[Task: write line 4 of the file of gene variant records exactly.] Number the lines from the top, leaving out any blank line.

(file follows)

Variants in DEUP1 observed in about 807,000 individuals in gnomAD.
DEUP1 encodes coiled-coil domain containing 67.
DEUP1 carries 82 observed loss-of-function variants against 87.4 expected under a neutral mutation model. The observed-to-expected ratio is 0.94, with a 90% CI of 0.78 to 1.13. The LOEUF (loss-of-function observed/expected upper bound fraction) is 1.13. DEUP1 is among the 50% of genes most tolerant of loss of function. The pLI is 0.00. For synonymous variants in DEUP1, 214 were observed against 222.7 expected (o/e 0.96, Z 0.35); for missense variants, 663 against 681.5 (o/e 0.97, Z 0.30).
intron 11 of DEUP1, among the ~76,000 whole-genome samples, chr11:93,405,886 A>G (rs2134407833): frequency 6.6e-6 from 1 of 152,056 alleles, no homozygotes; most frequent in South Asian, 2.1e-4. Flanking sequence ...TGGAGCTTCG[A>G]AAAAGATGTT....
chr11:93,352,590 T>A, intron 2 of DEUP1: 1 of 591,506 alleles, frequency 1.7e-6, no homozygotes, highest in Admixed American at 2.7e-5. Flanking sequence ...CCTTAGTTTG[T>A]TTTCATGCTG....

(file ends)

intron 11 of DEUP1, among the ~76,000 whole-genome samples, chr11:93,405,886 A>G (rs2134407833): frequency 6.6e-6 from 1 of 152,056 alleles, no homozygotes; most frequent in South Asian, 2.1e-4. Flanking sequence ...TGGAGCTTCG[A>G]AAAAGATGTT....